Tropical disturbance likely to develop and cross southeast Florida
Abundant tropical moisture over the Southwest Atlantic could develop into a severe storm during the work week and have significant impacts along the coasts of Florida, Georgia and the Carolinas.
The combination of the coastal flow and high pressure in the dome to the north of the system will mean that easterly to northeasterly winds will drive significant amounts of water towards coastal communities, which will mean; lead to floodingespecially during periods of high tides.
Besides the high seas, FOX Prediction Center warns that the storm will be accompanied by heavy rain, rough surf, gale-force winds and beach erosion, with impacts already beginning Election day and lasts most of the week.
“We’re going to start moving over the Bahamas. Then on Wednesday, some of the rain will begin to move into places like Orlando and Miami. So it will certainly be something to watch,” said the FOX Weather Meteorologist Kiana Lewis.
Forecast models show a prolonged wind event with gusts of at least 40 mph for beaches from Florida to North Carolina.
When winds reach 40 mph, limb damage to smaller trees begins to occur and traffic over high-profile bridges becomes more difficult. Minor power outages are also possible, especially in areas with a lot of trees.
In addition to high winds, forecasters will be watching to see which communities will see the heaviest rainfall. Some rivers in the Sunshine State are still at high levels Land of Storm Ian in September and are unable to receive much more rainfall.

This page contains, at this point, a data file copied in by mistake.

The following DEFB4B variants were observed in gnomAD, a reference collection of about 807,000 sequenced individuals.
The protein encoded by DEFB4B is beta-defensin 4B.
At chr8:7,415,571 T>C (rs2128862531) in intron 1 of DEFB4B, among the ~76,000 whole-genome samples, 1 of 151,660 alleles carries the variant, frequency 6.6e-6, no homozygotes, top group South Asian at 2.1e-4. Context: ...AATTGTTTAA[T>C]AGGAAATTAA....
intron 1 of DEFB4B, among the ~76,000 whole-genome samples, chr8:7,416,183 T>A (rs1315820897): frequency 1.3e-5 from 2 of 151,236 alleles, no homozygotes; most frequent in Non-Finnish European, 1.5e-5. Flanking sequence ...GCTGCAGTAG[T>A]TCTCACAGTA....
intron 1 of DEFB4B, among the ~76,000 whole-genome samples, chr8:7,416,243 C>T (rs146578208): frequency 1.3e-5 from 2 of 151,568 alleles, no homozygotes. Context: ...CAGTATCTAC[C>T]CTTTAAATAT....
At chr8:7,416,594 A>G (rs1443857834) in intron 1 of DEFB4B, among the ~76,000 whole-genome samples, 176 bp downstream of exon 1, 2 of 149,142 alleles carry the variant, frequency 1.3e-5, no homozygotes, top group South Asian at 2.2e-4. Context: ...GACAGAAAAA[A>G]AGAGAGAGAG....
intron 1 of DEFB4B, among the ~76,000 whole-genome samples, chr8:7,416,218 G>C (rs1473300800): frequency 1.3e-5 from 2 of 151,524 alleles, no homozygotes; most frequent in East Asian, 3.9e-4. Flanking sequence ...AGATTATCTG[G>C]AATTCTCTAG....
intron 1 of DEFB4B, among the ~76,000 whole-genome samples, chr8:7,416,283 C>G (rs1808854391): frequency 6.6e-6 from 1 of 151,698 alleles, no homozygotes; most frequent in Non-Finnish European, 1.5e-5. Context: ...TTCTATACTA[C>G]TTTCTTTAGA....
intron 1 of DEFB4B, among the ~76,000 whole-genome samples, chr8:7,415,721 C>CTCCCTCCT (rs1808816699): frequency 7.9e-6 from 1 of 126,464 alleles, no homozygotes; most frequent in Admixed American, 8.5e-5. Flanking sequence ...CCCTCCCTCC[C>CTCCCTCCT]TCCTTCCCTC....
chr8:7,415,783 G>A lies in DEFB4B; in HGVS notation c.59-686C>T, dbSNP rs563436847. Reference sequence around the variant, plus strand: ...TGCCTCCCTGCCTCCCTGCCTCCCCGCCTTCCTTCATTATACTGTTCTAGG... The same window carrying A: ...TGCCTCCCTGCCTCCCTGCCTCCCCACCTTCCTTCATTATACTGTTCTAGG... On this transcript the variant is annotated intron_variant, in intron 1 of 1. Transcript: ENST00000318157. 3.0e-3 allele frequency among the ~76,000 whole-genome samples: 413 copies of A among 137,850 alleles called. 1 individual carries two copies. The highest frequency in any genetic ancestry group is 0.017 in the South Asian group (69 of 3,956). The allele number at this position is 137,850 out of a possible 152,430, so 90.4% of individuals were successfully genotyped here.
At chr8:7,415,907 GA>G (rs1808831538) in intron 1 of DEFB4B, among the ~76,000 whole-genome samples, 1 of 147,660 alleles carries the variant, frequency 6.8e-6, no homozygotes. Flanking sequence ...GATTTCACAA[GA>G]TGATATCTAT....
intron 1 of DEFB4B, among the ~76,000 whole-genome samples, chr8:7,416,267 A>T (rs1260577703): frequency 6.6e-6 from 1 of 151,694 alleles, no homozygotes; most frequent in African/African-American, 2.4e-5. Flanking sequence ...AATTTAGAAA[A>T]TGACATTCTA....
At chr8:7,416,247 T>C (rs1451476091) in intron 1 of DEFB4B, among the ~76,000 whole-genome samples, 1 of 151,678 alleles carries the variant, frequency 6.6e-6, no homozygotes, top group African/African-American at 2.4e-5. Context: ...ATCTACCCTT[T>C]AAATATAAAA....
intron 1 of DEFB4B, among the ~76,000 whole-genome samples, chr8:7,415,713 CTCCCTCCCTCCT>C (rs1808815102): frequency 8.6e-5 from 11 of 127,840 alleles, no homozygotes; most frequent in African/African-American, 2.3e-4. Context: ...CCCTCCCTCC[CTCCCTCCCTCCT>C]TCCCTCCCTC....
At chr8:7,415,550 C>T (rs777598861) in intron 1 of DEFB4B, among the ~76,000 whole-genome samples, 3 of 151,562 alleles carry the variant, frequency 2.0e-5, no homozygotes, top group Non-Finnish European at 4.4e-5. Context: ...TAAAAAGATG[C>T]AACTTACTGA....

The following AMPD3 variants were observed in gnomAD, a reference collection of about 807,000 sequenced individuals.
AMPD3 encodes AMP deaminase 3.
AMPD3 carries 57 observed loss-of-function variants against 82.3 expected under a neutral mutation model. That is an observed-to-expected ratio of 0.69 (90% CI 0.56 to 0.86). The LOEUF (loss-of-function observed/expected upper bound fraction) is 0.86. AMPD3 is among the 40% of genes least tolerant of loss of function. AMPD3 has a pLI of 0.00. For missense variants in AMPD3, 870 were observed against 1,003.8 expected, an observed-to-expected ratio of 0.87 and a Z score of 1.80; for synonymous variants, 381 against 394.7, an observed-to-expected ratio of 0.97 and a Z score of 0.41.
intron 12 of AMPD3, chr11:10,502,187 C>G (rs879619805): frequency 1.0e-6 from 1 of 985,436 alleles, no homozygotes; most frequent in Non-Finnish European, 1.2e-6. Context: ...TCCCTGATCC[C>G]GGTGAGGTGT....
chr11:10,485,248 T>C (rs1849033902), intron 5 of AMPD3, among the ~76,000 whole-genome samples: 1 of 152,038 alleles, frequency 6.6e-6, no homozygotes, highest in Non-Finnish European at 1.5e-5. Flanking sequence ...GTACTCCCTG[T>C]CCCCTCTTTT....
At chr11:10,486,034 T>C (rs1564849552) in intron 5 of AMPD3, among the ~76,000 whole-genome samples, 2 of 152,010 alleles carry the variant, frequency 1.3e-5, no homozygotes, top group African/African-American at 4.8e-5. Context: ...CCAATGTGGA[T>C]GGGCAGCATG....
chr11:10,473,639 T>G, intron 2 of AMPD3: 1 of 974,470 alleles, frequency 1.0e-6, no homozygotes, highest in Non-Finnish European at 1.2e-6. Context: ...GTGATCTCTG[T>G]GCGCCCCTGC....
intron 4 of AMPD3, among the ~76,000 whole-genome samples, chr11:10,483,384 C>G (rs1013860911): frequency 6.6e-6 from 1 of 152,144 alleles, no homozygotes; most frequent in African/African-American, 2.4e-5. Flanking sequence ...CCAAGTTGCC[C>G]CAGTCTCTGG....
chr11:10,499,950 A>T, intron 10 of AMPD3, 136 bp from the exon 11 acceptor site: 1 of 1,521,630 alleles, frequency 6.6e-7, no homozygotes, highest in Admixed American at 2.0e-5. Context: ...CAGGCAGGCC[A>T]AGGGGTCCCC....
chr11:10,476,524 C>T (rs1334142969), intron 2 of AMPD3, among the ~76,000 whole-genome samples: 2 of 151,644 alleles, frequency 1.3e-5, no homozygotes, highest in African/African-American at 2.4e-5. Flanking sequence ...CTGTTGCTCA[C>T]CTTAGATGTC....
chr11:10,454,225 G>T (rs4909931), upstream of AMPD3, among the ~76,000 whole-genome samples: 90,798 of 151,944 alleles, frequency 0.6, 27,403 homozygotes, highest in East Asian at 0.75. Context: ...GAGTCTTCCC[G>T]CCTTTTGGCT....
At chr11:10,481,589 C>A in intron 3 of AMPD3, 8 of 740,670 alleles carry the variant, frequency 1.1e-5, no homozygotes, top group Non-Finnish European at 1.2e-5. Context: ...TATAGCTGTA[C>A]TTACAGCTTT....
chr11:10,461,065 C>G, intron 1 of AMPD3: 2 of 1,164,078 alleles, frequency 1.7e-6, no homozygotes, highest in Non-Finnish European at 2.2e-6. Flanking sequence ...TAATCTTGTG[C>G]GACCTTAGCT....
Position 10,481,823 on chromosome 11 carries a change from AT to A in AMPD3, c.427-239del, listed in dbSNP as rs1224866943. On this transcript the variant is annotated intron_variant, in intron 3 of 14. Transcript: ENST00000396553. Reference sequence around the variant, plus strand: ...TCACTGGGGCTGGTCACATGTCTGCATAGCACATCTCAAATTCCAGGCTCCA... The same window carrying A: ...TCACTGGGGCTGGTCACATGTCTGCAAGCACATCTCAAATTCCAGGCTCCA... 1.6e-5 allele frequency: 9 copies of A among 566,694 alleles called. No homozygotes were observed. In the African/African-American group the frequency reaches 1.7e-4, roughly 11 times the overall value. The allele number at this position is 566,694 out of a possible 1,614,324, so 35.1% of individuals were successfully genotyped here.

Heavy rainfall and rising ocean levels could mean additional flooding of low-lying areas, especially during high tides.
Forecast models show up to half a foot of rain possible over the next five days along and east of Interstate 95 from north of Miami to Charleston, South Carolina.
The National Hurricane Center monitors the disturbed weather area for tropical developments, but regardless of classification, a significant coastal storm will affect the U.S. coast.
“Whether it develops into a tropical storm or not, we’re going to see some very stormy days along the southeast coast. It’s certainly not going to be a beach week or a fishing week,” Lewis said.
If the system does earn a name, it will be the fourteenth of the season and will be called “Nicole”.
Tropical strike in November Not unusual for the Sunshine State. Hurricane Kate made landfall on November 21, 1985, and holds the record for being the season’s last landfall in the Low 48.
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